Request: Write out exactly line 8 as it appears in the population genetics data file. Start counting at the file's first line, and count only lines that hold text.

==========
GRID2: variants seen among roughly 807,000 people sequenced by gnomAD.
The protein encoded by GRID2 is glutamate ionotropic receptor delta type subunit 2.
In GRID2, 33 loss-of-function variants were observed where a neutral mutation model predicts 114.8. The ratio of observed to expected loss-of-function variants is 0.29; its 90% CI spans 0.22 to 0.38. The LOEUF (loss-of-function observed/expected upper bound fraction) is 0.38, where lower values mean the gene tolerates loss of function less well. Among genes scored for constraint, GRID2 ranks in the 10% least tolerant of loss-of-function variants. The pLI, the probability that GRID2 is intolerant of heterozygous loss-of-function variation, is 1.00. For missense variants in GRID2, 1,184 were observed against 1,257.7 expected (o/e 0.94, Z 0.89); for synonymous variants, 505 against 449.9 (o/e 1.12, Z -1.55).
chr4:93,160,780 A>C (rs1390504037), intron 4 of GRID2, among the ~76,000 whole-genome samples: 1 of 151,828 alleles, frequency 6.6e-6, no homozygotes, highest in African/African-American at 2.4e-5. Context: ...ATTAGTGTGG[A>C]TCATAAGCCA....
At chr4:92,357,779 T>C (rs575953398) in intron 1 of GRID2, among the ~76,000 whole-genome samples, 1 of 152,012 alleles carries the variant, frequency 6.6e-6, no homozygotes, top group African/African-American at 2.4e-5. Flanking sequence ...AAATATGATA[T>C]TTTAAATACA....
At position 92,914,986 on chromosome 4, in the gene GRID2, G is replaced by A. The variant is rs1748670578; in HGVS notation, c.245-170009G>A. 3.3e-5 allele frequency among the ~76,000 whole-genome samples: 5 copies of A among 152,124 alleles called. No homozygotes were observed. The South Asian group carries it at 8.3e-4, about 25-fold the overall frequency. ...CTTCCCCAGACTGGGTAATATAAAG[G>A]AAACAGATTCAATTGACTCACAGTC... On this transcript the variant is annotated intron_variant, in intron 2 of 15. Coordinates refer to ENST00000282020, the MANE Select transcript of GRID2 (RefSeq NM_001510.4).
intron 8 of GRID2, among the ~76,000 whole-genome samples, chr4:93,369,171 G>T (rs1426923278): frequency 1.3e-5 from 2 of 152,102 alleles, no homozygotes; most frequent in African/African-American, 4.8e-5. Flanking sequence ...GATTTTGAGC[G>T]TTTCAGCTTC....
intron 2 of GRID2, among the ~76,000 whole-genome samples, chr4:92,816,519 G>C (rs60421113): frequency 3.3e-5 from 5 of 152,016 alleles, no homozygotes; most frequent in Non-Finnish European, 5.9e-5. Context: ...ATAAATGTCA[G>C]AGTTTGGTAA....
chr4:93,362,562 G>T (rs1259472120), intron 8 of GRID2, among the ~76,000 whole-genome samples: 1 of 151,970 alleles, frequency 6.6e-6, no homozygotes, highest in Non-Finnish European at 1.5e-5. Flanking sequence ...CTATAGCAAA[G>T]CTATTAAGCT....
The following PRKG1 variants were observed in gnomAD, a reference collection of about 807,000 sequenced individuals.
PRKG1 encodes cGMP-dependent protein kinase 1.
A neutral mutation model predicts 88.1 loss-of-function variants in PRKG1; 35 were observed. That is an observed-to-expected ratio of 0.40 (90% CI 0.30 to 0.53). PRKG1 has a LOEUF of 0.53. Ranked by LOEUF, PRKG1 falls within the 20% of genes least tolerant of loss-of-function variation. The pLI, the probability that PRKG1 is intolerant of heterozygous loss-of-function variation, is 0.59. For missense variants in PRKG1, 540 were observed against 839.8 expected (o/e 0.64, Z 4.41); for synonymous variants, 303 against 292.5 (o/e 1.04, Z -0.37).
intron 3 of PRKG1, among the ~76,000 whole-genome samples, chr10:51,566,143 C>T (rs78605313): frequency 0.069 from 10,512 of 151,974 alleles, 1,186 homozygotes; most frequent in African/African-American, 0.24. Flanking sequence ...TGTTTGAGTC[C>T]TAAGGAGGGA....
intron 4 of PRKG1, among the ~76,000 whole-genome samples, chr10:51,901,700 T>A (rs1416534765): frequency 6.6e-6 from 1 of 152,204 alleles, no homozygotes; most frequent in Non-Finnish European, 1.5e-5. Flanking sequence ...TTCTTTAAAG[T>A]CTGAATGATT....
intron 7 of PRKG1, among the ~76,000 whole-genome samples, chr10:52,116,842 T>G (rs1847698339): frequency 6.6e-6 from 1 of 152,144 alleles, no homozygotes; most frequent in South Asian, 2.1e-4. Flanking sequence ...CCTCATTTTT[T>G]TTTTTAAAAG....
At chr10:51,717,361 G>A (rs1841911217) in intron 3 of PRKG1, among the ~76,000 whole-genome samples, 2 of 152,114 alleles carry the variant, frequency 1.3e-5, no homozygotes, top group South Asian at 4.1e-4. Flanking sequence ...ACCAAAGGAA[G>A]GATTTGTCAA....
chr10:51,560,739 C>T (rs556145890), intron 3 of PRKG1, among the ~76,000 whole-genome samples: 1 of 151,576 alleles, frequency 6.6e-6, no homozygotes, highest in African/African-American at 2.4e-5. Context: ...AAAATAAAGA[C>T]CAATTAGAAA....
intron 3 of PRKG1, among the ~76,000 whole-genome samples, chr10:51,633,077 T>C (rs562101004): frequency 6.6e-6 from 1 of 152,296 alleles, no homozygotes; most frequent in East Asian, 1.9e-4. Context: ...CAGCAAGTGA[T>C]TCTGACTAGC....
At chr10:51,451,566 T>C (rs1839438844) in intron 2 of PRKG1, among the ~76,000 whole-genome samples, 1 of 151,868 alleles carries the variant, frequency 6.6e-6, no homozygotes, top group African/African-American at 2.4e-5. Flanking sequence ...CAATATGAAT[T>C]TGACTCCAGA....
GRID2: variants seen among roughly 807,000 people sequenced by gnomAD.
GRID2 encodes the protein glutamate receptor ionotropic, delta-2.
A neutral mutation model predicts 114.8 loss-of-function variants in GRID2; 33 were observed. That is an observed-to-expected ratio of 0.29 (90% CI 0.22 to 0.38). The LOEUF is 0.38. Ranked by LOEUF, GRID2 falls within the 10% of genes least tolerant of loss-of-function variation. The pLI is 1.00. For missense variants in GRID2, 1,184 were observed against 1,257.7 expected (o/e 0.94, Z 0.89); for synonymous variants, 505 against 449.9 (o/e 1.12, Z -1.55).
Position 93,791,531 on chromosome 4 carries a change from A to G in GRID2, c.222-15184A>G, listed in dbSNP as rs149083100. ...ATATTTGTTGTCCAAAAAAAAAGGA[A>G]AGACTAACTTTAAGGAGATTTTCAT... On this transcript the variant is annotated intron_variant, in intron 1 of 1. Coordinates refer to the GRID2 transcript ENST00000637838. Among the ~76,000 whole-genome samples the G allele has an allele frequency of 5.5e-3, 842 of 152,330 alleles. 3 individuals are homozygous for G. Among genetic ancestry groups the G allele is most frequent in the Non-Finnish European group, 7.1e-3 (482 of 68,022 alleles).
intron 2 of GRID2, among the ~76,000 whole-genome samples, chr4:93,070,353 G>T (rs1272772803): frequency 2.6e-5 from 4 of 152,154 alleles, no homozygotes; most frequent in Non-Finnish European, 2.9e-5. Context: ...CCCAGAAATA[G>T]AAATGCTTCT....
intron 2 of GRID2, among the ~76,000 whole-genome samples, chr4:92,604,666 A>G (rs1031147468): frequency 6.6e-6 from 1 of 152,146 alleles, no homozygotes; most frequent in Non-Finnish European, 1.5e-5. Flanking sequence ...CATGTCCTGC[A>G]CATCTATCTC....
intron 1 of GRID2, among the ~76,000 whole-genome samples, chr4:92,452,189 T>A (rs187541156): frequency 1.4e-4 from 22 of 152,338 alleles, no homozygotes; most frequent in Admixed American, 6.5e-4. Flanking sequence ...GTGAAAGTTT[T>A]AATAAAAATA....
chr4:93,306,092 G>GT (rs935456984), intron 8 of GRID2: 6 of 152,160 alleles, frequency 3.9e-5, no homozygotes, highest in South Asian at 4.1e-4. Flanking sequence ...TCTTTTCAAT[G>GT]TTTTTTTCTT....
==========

intron 2 of GRID2, among the ~76,000 whole-genome samples, chr4:92,816,519 G>C (rs60421113): frequency 3.3e-5 from 5 of 152,016 alleles, no homozygotes; most frequent in Non-Finnish European, 5.9e-5. Context: ...ATAAATGTCA[G>C]AGTTTGGTAA....